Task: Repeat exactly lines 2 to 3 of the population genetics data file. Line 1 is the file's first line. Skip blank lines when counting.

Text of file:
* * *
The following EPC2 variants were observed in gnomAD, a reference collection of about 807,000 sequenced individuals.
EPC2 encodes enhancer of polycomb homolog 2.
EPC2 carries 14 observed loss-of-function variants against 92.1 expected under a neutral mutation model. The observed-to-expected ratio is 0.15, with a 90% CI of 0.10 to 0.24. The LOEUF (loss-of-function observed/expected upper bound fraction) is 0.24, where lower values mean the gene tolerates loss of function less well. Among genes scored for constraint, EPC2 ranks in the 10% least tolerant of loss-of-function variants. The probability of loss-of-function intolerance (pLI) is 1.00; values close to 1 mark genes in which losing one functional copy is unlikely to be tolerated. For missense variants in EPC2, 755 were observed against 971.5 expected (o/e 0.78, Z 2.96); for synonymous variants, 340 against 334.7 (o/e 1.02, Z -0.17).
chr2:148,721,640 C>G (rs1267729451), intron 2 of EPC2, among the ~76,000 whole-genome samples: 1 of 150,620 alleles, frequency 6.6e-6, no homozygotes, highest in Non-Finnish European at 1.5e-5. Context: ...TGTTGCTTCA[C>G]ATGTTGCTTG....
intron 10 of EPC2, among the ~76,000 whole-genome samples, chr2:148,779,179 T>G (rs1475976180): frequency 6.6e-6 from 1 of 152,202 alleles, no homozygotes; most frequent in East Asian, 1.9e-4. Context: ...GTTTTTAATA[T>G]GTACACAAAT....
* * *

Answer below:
EPC2 encodes enhancer of polycomb homolog 2.
EPC2 carries 14 observed loss-of-function variants against 92.1 expected under a neutral mutation model. The observed-to-expected ratio is 0.15, with a 90% CI of 0.10 to 0.24. The LOEUF (loss-of-function observed/expected upper bound fraction) is 0.24, where lower values mean the gene tolerates loss of function less well. Among genes scored for constraint, EPC2 ranks in the 10% least tolerant of loss-of-function variants. The probability of loss-of-function intolerance (pLI) is 1.00; values close to 1 mark genes in which losing one functional copy is unlikely to be tolerated. For missense variants in EPC2, 755 were observed against 971.5 expected (o/e 0.78, Z 2.96); for synonymous variants, 340 against 334.7 (o/e 1.02, Z -0.17).